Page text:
Last year, the buzz was all about social media. Facebook went public, Instagram set records, and Pinterest became an addiction. We became obsessed with words like “engagement”, and not having a presence on Twitter became almost as embarrassing as still having one on MySpace. We loved social media so much that, according to friends of mine who are marriage counselors, over a third of their clients have come in with relationship problems triggered by social media, like flirting with an ex on Facebook.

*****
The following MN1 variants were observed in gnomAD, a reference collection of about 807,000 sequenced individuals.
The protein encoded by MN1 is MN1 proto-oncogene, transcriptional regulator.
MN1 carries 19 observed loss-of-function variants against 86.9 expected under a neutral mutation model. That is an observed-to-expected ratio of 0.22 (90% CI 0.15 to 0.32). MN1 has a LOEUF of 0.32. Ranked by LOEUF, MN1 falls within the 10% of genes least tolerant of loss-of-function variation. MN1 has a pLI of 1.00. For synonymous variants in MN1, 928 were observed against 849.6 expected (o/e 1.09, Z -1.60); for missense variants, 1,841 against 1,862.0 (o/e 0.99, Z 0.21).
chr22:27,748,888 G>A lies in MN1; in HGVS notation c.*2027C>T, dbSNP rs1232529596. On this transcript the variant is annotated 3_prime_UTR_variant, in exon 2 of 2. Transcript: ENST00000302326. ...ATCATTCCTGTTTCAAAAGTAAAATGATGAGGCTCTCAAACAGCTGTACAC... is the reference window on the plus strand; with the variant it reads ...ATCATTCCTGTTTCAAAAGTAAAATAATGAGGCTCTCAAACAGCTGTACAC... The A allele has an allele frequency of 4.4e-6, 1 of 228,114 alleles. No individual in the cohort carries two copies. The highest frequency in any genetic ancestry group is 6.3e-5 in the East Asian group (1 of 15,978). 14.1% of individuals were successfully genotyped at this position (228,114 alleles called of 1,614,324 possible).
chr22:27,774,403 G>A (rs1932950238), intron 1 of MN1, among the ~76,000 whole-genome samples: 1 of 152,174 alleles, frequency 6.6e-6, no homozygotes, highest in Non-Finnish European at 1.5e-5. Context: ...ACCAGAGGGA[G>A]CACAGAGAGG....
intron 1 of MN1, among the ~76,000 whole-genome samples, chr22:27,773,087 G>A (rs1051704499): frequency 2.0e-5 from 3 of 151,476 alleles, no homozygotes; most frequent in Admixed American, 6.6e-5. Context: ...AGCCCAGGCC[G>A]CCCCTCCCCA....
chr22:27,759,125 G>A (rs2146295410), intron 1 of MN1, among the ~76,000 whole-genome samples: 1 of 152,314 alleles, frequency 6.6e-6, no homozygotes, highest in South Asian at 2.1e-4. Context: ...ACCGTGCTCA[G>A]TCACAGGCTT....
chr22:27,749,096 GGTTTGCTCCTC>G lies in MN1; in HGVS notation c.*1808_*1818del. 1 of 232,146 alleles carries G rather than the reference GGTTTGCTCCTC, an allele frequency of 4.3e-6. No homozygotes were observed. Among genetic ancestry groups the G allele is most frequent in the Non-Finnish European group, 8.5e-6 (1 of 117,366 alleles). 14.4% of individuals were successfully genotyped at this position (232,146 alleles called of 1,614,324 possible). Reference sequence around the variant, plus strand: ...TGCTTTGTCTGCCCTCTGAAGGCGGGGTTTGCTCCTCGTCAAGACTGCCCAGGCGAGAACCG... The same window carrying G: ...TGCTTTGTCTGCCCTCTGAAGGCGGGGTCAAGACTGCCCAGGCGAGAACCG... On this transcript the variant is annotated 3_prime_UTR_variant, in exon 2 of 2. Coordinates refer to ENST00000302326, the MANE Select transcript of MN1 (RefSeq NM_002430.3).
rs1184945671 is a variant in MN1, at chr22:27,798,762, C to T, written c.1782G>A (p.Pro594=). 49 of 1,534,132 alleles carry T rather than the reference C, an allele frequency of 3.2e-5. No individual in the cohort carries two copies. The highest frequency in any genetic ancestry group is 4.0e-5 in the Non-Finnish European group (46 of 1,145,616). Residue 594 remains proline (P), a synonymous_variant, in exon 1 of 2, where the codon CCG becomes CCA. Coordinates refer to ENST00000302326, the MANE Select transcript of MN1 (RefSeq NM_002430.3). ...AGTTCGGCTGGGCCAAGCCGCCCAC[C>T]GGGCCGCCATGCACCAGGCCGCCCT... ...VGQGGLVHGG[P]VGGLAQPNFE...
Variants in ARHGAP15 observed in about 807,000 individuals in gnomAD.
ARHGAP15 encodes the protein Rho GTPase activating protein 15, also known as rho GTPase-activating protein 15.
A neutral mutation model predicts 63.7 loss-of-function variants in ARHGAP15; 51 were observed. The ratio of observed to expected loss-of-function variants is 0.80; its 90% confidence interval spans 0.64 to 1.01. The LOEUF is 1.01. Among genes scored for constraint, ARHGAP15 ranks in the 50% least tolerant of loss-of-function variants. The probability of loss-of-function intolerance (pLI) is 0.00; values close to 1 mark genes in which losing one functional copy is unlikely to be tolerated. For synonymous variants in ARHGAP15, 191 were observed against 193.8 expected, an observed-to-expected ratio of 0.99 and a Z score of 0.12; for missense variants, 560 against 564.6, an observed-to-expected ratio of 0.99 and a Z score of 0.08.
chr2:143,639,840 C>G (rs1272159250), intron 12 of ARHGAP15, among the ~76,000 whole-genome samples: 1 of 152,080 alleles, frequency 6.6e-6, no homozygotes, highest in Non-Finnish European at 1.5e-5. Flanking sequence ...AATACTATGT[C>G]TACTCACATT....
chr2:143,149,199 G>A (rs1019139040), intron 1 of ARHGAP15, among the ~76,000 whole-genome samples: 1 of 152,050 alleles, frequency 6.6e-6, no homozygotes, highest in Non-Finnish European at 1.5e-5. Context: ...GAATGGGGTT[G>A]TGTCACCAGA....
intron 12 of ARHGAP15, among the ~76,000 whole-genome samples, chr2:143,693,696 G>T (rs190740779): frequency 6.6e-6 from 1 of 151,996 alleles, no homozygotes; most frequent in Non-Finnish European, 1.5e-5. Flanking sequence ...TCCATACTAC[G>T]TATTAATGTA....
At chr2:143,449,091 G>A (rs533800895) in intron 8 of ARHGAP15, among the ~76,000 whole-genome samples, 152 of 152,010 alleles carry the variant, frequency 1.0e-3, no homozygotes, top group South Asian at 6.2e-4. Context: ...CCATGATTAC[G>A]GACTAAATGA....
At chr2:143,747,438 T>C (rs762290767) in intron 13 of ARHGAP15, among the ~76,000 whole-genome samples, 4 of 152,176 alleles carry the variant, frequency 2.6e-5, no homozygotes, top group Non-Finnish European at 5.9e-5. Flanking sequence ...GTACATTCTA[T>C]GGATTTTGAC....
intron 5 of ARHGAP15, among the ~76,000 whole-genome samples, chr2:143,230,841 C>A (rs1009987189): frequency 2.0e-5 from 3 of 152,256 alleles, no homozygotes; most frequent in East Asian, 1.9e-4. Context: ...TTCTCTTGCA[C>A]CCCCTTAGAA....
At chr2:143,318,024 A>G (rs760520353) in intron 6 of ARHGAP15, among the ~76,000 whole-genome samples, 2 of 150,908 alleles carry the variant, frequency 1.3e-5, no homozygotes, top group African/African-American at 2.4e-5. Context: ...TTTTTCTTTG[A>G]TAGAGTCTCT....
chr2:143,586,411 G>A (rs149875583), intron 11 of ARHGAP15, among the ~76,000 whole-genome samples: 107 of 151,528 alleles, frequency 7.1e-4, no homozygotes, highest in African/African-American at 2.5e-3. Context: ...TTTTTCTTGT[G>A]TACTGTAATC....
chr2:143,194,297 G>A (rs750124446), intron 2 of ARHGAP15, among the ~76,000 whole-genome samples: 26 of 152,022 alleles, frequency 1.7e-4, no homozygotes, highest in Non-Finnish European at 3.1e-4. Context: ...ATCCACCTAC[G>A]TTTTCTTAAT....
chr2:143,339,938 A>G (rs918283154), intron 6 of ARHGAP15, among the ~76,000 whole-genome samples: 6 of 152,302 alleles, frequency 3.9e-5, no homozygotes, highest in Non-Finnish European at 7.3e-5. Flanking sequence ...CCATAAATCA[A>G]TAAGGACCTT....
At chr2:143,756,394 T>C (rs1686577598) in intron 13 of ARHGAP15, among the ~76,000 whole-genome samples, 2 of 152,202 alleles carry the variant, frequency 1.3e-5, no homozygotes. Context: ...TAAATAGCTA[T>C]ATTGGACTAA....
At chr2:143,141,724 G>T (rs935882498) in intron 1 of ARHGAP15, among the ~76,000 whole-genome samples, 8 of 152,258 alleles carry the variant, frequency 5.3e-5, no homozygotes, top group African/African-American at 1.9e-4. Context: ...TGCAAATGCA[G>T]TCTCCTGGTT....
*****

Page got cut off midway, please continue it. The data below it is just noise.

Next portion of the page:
Despite social media’s popularity, 2012 ended with even more buzz about mobile. Nobody could avoid talking about mobile because of the simple fact that everyone on this planet wanted or owned a mobile device. Or two. The debate over whether or not we need mobile device is no longer relevant. People look at you differently if you don’t have a cell phone number. We get super excited about 4G LTE. We panic when we lose cell reception. We exercise with our phones. We expect our phones to wake us up. We look forward to our next upgrade; we get devastated when our favorite apps like Google Maps gets replaced. And we visit our doctors to treat repetitive stress injuries from spending an unhealthy amount of time typing with our thumbs (or maybe that has happened only to me, on two occasions). Our need for mobile has become so strong that it has made Apple, a computer company, the most popular phone vendor in the United States. Yes, that’s how much we love mobile, and that love is only getting stronger.